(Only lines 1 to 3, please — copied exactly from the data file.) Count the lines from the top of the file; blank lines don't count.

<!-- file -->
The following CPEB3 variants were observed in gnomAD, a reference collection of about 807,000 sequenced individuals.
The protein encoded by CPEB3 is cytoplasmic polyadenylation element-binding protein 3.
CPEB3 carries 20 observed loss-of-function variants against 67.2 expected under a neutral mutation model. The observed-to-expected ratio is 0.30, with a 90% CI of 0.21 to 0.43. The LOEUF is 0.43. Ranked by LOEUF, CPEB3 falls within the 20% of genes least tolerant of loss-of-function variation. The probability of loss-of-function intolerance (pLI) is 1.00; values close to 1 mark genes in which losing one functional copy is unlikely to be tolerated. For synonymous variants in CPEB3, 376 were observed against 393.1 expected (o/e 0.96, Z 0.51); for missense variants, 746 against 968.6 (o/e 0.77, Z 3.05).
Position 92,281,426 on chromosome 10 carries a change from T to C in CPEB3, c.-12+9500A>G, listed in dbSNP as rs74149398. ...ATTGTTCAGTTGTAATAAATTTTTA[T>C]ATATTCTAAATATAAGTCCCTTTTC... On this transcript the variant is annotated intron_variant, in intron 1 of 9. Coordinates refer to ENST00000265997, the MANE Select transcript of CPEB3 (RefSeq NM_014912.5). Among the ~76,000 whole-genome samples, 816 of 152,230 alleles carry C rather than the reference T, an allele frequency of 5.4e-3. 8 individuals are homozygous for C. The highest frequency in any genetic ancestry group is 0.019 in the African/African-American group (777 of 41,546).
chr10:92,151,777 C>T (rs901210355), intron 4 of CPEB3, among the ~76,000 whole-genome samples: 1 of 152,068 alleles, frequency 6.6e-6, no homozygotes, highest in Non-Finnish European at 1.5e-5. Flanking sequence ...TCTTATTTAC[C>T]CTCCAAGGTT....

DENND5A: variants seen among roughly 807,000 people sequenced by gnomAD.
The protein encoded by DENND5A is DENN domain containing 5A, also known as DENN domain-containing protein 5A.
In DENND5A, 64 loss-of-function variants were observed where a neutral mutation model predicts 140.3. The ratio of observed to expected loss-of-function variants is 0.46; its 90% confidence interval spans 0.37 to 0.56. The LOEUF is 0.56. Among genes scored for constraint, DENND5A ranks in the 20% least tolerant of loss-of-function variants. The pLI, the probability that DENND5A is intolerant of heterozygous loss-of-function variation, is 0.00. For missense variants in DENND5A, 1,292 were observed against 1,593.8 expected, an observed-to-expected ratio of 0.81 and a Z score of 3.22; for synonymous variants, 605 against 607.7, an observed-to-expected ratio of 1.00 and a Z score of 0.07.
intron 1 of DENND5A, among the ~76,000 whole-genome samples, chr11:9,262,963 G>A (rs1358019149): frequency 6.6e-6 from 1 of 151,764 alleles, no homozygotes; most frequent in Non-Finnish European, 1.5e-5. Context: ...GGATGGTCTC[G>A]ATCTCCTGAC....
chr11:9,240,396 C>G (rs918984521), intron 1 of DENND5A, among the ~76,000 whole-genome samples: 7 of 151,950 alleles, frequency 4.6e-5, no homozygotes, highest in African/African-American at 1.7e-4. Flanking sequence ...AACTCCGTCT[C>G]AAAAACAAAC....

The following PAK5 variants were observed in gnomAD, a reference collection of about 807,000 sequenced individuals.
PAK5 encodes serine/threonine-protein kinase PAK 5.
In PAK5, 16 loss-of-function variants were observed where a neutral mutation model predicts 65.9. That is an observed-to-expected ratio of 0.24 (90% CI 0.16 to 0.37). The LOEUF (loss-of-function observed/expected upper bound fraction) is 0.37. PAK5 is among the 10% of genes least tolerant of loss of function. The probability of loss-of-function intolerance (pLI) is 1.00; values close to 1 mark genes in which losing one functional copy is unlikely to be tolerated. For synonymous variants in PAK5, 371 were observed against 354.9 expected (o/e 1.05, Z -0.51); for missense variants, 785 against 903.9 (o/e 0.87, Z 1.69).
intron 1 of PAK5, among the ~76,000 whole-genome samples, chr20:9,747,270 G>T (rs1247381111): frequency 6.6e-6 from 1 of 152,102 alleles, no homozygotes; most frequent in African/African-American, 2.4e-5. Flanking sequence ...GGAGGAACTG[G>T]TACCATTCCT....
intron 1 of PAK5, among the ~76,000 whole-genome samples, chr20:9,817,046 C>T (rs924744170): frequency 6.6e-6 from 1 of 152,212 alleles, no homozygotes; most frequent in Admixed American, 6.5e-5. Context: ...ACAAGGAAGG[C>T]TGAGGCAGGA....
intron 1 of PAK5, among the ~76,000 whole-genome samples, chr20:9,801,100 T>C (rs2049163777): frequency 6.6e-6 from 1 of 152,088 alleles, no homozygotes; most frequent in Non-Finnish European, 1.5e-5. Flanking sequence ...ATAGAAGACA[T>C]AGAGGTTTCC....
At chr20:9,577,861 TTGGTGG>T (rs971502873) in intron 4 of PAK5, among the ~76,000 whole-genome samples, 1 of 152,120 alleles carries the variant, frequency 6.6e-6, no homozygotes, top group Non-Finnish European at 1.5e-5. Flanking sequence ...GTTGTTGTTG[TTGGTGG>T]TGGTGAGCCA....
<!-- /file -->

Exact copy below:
The following CPEB3 variants were observed in gnomAD, a reference collection of about 807,000 sequenced individuals.
The protein encoded by CPEB3 is cytoplasmic polyadenylation element-binding protein 3.
CPEB3 carries 20 observed loss-of-function variants against 67.2 expected under a neutral mutation model. The observed-to-expected ratio is 0.30, with a 90% CI of 0.21 to 0.43. The LOEUF is 0.43. Ranked by LOEUF, CPEB3 falls within the 20% of genes least tolerant of loss-of-function variation. The probability of loss-of-function intolerance (pLI) is 1.00; values close to 1 mark genes in which losing one functional copy is unlikely to be tolerated. For synonymous variants in CPEB3, 376 were observed against 393.1 expected (o/e 0.96, Z 0.51); for missense variants, 746 against 968.6 (o/e 0.77, Z 3.05).